I gently took the pillow away. "Sweetheart, I know its hard, but you are only making things worse for yourself."


Sweet me got shoved aside and those covers got ripped back.

"Listen, little miss. You are really digging yourself into a hole here, and UNLESS YOU START CHOSING better behaviour, YOU HAVE ONLY YOURSELF TO BLAME for having a CRAPPY evening."

I walked out, mainly because I knew I was not going to solve anything with either personality and because I suddenly needed a stiff drink and a large distance between the devil I had spawned and the devil I was becoming.

It did all end well, by the way. She came and did a little public crying, wouldn't tell us what was wrong, got ignored and sobbed as she set the table unasked before she went and bathed. By dinner she was a tired but much pleasanter child.

When I tucked her in bed later, I had a talk to her.

"I know you were upset about something, but you won't tell us and now it doesn't matter. Because you chose to behave that way its now about your behaviour, not the underlying reason. You were upset you didn't get to play with Girl-down-the-road this afternoon, but now you won't get to play with Girl-down-the-road for a week - pretty silly hey?"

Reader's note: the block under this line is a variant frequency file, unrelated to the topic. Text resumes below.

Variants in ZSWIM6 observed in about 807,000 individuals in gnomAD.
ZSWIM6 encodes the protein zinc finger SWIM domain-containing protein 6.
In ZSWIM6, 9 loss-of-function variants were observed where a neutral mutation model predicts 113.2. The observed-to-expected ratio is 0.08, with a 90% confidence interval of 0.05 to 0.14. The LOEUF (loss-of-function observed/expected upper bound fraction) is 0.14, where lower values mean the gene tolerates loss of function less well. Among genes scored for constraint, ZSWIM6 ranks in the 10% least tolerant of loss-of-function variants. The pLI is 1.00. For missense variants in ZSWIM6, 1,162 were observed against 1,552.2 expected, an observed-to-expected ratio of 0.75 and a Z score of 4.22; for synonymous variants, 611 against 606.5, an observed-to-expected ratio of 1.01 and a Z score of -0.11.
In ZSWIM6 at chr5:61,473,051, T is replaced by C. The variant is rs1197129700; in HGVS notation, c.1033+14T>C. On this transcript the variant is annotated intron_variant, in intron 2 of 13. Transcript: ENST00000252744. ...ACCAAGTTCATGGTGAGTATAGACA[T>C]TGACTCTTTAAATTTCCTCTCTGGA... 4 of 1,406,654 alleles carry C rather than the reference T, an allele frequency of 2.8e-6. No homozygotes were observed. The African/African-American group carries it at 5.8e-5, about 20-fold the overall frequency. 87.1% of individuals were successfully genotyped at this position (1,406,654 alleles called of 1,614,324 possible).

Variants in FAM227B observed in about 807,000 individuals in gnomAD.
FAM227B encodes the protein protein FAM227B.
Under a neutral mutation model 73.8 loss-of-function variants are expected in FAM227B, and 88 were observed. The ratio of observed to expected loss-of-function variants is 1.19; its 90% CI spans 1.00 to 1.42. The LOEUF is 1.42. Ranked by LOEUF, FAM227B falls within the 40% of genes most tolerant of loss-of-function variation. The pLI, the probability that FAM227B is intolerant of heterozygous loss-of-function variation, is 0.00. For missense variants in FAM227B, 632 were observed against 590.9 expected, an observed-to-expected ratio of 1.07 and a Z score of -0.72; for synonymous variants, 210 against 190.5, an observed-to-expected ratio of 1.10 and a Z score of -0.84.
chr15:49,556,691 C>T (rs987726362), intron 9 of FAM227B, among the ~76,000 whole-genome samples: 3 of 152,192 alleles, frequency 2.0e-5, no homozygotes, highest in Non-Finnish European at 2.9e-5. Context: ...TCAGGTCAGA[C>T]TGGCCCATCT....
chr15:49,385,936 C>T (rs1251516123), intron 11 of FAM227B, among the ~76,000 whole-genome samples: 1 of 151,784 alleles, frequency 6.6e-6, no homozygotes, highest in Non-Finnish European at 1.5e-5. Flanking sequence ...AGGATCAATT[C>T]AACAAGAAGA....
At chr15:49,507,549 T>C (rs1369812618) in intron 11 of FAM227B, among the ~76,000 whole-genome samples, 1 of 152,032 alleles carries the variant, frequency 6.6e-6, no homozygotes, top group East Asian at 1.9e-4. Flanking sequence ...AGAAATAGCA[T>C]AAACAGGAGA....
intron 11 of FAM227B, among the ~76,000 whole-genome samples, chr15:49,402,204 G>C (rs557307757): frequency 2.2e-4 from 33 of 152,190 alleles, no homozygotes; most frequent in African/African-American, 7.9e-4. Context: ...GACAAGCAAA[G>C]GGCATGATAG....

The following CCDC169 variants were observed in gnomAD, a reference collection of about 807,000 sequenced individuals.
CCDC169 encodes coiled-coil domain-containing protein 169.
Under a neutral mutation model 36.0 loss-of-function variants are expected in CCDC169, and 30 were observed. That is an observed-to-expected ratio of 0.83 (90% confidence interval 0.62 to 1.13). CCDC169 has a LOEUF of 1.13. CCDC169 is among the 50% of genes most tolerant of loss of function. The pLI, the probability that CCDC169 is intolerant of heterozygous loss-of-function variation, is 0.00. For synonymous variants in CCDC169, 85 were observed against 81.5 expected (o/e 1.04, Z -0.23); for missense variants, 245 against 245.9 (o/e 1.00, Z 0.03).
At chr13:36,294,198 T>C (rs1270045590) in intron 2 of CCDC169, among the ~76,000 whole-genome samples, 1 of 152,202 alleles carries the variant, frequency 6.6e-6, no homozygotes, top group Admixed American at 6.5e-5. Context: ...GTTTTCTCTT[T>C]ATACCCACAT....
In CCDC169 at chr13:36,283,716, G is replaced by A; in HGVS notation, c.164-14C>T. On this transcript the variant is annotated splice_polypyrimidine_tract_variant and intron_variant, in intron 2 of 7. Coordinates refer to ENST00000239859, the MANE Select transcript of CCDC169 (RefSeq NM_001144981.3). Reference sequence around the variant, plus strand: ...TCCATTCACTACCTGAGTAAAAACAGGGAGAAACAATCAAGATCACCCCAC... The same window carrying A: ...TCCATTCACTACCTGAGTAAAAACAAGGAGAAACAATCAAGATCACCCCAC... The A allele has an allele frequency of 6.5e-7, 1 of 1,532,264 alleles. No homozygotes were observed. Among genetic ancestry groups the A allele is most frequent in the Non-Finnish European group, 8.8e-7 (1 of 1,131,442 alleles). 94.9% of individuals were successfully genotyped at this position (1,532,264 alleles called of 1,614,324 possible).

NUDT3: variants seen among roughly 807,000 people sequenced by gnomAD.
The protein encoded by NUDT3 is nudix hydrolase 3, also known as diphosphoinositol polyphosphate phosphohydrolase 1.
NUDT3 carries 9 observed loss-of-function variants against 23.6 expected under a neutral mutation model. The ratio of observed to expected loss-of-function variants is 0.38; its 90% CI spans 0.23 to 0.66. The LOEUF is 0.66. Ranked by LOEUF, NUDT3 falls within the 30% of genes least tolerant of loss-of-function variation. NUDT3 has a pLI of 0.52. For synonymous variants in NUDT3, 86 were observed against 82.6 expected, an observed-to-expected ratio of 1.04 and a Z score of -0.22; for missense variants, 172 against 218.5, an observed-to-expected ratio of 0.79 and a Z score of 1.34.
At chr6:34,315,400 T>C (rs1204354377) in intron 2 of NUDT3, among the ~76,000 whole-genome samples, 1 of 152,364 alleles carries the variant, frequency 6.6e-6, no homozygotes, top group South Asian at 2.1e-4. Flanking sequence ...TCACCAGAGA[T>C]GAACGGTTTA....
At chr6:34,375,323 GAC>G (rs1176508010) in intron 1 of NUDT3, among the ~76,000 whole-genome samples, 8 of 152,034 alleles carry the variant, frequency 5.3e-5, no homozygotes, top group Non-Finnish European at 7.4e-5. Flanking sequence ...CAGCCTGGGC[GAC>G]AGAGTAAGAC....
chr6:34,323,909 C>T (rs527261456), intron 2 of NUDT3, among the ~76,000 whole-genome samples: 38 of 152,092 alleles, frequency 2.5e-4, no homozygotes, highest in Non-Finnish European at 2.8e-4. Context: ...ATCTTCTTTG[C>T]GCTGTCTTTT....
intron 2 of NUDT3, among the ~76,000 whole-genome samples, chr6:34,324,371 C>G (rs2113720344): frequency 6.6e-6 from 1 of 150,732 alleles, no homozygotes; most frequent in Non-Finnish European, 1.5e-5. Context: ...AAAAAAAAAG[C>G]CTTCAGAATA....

"Yes Mummy."

"So, did you get to use that spare 'I love you' that I gave you earlier?"


Now to work out my own punishment for my behaviour...

Wednesday, May 14, 2008

And the winner is...

50 comments from 28 wonderful people have made my happy in the last week!!! (well, 51, but one was spam and it didn't make me happy so I am so not putting that in the hat).

They were:

alice from Down the Rabbit Hole
Alison from Three Times Kewl
Aniqa from my past and she really needs to get a blog!!!
baby-amore from My Little Drummer Boys
Bush Babe (of Granite Glen) from Bush Babe
Cathy from Arkie Mama
Christie from I Miei Pensieri
debby from Life's Funny Like That
Hilary from Hilary's Heaven
JaniceNW from Twist and Skewer
Jayne from Our Great Southern Land
Jen at Semantically Driven from Semantically Driven
Jenni from Prairie Air
Julie Pippert from Julie Pippert: Using My Words
Kelly from Magneto Bold Too!
Lin from Hold On Tired
Magic Bellybutton from Magic Bellybutton
Mama Zen from The Zen of Motherhood
Melody from Big Little Sister
mommamia from Mia's World
nomesquelife from Nomesque Life
Pencil Writer from Pencils and Post-it Notes
Queen of Shake Shake from The Queen of Shake-Shake
Rootietoot from Because it Really Is Personal
shishyboo from Shishyboo's HeyThisIsMeLikeItOrLumpIt
The Palms from Days in Paradise